Developing

Hospital Surgery At Weekends Under NHS Plans

Routine operations, scans and consultations could be set to take place on weekends under new proposed changes to the NHS.

The plans are part of a series of measures being discussed by the new NHS Commissioning Board which will take over day-to-day control of the health service from April 2013.

A spokeswoman said: "We are looking at options to provide a greater seven-days-a-week service."

The plans are designed with convenience for patients in mind.

Quality of care and patient safety are also factors behind the proposals after research carried out by University College London earlier this year found patients admitted on a Sunday are 16% more likely to die than those admitted midweek.

The Alexandra Avenue Clinic in London is already open seven days a week.

Dr David Lloyd told Sky News: "It means patients don't have to go two days without seeing a doctor and it means acutely ill patients can be seen in a setting that isn't a hospital and hopefully we can prevent a log-jam in A&E.

"It's one of the adages of the world in hospitals that you admit for seven days a week, and yet everything grinds to a halt at the weekends.

"In fact if you work a seven-day week it means that you can get all the tests done much more quickly, it means that patients have to spend less time in hospital, so in fact you might be able to save some resources."

Patients at the clinic told Sky News it would be more convenient if they could also book hospital appointments on Saturdays and Sundays too.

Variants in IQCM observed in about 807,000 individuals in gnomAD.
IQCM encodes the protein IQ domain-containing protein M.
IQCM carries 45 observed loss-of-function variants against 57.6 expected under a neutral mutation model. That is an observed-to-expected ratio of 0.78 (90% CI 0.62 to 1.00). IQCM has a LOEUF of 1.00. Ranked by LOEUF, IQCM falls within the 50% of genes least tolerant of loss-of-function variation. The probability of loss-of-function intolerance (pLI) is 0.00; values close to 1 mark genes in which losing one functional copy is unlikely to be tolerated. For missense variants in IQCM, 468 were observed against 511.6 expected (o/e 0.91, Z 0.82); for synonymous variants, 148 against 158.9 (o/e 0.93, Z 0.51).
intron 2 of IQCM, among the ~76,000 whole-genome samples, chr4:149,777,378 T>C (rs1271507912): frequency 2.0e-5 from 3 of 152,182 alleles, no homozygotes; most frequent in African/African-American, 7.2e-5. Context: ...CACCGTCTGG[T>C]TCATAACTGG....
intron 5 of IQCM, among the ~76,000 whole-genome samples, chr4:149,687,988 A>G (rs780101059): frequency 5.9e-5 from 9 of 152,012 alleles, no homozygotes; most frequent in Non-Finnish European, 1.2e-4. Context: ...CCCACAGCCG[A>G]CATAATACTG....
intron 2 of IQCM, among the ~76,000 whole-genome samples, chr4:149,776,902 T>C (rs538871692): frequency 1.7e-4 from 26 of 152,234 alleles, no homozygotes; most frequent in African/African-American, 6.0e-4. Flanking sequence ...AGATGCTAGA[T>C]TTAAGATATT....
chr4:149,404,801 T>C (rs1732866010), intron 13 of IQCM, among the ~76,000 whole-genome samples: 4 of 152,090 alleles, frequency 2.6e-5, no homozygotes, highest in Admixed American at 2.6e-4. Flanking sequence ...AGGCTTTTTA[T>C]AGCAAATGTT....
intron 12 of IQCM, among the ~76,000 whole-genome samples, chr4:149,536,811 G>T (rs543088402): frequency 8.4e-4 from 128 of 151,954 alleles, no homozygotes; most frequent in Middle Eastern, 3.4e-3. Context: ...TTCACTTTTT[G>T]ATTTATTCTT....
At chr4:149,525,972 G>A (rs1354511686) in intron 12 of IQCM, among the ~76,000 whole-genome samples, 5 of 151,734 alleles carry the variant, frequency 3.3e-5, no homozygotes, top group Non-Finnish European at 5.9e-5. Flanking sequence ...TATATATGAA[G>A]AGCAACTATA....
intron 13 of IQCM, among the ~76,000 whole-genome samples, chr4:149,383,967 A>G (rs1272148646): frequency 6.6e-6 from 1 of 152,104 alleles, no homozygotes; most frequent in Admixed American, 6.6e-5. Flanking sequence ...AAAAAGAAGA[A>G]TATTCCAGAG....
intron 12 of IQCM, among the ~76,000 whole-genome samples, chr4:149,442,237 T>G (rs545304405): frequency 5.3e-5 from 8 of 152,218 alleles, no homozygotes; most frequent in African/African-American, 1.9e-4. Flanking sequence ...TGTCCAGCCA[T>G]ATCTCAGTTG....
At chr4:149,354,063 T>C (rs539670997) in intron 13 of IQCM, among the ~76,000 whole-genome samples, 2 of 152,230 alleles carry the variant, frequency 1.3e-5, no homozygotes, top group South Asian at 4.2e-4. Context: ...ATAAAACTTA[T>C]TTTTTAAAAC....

One said: "I don't want the doctors to work too long hours because that would mean our care is in jeopardy.

"Maybe they could hire more people, in that way it could be good."

Sir Richard Thompson, president of the Royal College of Physicians, said: "For some years we have known, particularly with evidence from North America, that the care of patients at weekends seems to lead to a greater death rate.

"They need all the services, there's some quite good evidence that for instance X-rays and other procedures are not done as frequently at the weekends as in weekdays.

"It may well be the lack or delay to those screening procedures at the weekend is the thing that causes the slight increase in the mortality of patients admitted at the weekend."

NHS bosses are in discussion with doctors about how the changes would affect the way they work.

It is thought no doctor would be forced to work at weekends so incentives may need to be agreed to make weekend working attractive.

The NHS Commissioning Board will oversee expenditure of England's £95.6bn NHS budget from April next year.

It has also allocated £64.7bn for 211 local clinical commissioning groups (CCGs), which are led by GPs and will take responsibility for local secondary, community and mental healthcare services.

The NHS Commissioning Board will monitor standards. It has said any referral to treatment wait of more than 52 weeks should attract financial penalties and indicated there should be zero tolerance of MRSA.

Sir David Nicholson, the NHS Commissioning Board's chief executive, said: "The NHS can be justly proud of its achievements. 

"People wait less, they are diagnosed and referred quicker and our hospitals have fewer infections. But everyone in the NHS knows we must continue to improve. 

"We want to make the NHS the best customer service in the world by doing more to put patients in the driving seat."